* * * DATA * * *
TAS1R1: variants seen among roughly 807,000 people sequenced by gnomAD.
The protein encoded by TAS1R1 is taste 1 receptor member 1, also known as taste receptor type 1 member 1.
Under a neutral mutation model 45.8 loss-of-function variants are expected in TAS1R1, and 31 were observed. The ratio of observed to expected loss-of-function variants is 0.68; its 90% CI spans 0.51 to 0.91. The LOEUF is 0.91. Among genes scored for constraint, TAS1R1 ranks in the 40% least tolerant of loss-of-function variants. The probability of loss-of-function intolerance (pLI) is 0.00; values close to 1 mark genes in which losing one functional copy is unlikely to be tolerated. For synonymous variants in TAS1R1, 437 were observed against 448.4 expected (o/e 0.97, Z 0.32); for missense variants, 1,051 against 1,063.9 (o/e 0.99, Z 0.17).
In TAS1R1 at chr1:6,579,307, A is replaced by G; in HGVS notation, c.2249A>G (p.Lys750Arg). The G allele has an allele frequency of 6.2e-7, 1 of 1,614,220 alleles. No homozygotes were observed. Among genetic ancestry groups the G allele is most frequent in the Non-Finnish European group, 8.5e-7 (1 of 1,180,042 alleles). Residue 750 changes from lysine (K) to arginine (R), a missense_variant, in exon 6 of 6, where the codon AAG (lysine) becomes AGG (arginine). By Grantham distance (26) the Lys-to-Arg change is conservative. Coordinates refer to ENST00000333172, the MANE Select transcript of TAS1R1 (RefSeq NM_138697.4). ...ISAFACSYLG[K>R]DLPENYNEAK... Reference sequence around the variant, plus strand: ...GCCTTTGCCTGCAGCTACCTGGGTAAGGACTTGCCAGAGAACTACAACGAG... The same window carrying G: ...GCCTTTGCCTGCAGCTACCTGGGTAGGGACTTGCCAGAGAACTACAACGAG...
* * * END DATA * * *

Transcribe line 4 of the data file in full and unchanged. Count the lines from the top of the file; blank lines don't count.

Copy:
In TAS1R1 at chr1:6,579,307, A is replaced by G; in HGVS notation, c.2249A>G (p.Lys750Arg). The G allele has an allele frequency of 6.2e-7, 1 of 1,614,220 alleles. No homozygotes were observed. Among genetic ancestry groups the G allele is most frequent in the Non-Finnish European group, 8.5e-7 (1 of 1,180,042 alleles). Residue 750 changes from lysine (K) to arginine (R), a missense_variant, in exon 6 of 6, where the codon AAG (lysine) becomes AGG (arginine). By Grantham distance (26) the Lys-to-Arg change is conservative. Coordinates refer to ENST00000333172, the MANE Select transcript of TAS1R1 (RefSeq NM_138697.4). ...ISAFACSYLG[K>R]DLPENYNEAK... Reference sequence around the variant, plus strand: ...GCCTTTGCCTGCAGCTACCTGGGTAAGGACTTGCCAGAGAACTACAACGAG... The same window carrying G: ...GCCTTTGCCTGCAGCTACCTGGGTAGGGACTTGCCAGAGAACTACAACGAG...